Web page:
Food insecurity is defined as the state of, or risk of, being unable to provide food for yourself. Unbelievably, people in the United States experience food insecurity every day. As of 2015, the hunger fight is still not over. Some people living in Southwest Florida, our own neighbors, experience this unfortunate situation.
The fight is still not over, which is why it’s time for the WINK News Feeds Families 7th annual Hunger Walk. This walk will benefit our own Florida Gulf Coast University Campus Food Pantry and the Harry Chapin Food Bank of Southwest Florida.
Ever since 1983, when the Harry Chapin Food Bank was opened, this foundation has fought hunger in Southwest Florida. The food comes from growers, community food drives, distributors and retailers. This food is then distributed to partner agencies and through Harry Chapin Food Bank programs to people in need. FGCU Campus Pantry is one of the partner agencies for the HCFB. FGCU Campus Pantry serves the students in need.
According to the official HCFB webpage, the partner agencies serve more than 30,000 people monthly, and the HCFB distributed 18.7 million pounds of food in 2013 and 2014.
Jo Anna Bradshaw, first lady of FGCU and a volunteer for the FGCU Food Pantry, is one of the leaders of the FGCU Cares team for the hunger walk.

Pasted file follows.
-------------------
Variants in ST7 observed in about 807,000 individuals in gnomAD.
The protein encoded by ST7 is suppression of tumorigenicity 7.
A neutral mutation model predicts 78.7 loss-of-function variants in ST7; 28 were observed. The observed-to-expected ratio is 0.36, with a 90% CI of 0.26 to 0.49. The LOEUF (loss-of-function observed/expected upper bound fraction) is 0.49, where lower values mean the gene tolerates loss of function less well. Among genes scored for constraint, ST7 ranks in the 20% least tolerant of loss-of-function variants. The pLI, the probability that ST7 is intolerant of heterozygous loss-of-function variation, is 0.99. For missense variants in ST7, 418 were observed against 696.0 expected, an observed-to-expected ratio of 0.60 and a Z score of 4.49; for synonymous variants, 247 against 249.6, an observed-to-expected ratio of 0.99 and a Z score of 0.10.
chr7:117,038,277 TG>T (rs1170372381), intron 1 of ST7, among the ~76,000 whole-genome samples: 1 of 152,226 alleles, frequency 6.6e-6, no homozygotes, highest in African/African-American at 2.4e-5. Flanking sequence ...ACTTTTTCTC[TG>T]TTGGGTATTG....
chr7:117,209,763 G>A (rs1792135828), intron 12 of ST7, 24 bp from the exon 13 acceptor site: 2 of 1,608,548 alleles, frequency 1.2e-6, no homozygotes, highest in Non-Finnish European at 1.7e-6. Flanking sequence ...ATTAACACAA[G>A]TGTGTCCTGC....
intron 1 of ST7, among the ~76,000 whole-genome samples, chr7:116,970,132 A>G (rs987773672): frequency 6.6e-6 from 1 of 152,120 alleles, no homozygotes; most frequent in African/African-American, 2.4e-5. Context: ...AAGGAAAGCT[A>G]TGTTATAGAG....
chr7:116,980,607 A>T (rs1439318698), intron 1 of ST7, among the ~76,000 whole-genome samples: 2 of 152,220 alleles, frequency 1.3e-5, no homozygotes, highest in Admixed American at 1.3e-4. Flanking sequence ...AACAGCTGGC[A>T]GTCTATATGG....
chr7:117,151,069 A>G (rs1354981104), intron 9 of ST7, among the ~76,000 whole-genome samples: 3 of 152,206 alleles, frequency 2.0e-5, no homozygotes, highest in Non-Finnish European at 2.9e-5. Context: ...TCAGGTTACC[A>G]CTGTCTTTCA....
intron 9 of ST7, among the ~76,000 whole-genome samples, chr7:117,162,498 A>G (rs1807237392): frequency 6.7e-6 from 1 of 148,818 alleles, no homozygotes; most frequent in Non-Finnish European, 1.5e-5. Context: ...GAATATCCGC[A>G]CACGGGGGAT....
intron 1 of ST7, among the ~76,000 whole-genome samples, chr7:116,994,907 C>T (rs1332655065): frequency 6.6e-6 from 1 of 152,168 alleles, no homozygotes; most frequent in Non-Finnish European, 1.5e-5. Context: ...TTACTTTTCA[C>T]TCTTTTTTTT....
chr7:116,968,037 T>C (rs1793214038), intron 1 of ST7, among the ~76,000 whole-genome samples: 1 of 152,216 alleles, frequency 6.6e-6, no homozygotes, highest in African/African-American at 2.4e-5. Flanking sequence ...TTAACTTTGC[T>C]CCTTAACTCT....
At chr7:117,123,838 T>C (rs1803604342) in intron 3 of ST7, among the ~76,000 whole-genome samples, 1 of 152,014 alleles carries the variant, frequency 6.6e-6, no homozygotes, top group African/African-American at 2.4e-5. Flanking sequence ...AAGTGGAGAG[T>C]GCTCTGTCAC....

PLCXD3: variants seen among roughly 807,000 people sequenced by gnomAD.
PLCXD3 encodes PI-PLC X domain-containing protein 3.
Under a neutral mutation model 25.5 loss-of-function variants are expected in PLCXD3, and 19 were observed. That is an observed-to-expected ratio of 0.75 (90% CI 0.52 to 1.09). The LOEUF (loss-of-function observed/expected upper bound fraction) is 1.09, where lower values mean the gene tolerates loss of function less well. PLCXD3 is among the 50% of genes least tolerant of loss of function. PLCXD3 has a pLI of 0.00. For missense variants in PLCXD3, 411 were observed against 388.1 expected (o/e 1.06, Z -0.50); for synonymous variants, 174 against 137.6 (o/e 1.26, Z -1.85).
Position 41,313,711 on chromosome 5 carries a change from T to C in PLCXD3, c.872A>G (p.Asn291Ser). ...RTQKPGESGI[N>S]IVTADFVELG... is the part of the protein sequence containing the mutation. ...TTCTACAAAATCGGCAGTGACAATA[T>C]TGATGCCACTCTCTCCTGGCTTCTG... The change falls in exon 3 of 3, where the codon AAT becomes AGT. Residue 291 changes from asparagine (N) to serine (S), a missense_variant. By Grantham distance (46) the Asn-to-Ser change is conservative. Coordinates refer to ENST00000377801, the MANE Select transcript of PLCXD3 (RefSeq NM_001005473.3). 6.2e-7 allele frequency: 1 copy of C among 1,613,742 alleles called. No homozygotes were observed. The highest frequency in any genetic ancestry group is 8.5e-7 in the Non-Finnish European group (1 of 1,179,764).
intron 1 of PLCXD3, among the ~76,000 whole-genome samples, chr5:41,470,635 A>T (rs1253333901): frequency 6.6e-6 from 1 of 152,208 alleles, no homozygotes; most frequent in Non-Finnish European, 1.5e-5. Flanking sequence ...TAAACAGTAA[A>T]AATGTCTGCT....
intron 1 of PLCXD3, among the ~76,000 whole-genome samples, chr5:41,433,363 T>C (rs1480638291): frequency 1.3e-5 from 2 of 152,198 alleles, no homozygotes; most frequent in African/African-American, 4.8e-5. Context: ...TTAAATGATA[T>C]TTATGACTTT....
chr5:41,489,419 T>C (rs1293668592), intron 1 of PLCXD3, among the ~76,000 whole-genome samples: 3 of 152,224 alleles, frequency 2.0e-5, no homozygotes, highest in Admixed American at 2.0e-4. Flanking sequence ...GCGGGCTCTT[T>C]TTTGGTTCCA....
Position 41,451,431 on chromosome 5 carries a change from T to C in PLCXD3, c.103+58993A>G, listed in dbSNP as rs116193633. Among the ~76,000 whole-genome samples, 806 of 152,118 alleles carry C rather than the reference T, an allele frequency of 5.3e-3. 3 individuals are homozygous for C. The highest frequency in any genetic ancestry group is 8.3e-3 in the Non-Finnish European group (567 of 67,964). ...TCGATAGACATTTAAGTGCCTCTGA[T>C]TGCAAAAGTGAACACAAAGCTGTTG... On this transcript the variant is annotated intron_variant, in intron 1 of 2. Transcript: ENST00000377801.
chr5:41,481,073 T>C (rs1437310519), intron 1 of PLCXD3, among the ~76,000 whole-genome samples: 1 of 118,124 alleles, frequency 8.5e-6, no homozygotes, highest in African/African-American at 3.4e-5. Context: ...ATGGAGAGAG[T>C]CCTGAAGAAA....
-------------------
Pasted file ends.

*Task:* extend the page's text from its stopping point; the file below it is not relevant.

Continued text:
“I believe everybody should care about people who are experiencing food insecurity, this is a real issue.” Bradshaw said. “Being hungry is not something you can control. You wake up and you’re hungry. Our fellow human beings need us.”
Bradshaw explained this cause is extremely important for her. “I am passionate to help those who are in unfortunate situations. This cause is the one I’m most serious about nowadays,” Bradshaw said.
The walk will take place in Miromar Outlets on Jan. 17. Anybody who is interested in participating can register at here. Registration begins at 8:30 a.m. and the walk will start at 9:30 am.
Bradshaw encourages everybody to go to the hunger walk. “This walk is about getting people together — not only FGCU faculty, staff and students, but also their friends and family and other volunteers — to fight hunger,” Bradshaw said.
“It’s roughly two miles. It’s not a competitive walk. It’s more about raising money than competing,” Bradshaw said.
Bradshaw stated this walk is the Harry Chapin Food Bank’s main fundraising event. “Supporting this cause is worthy and necessary.” Bradshaw said.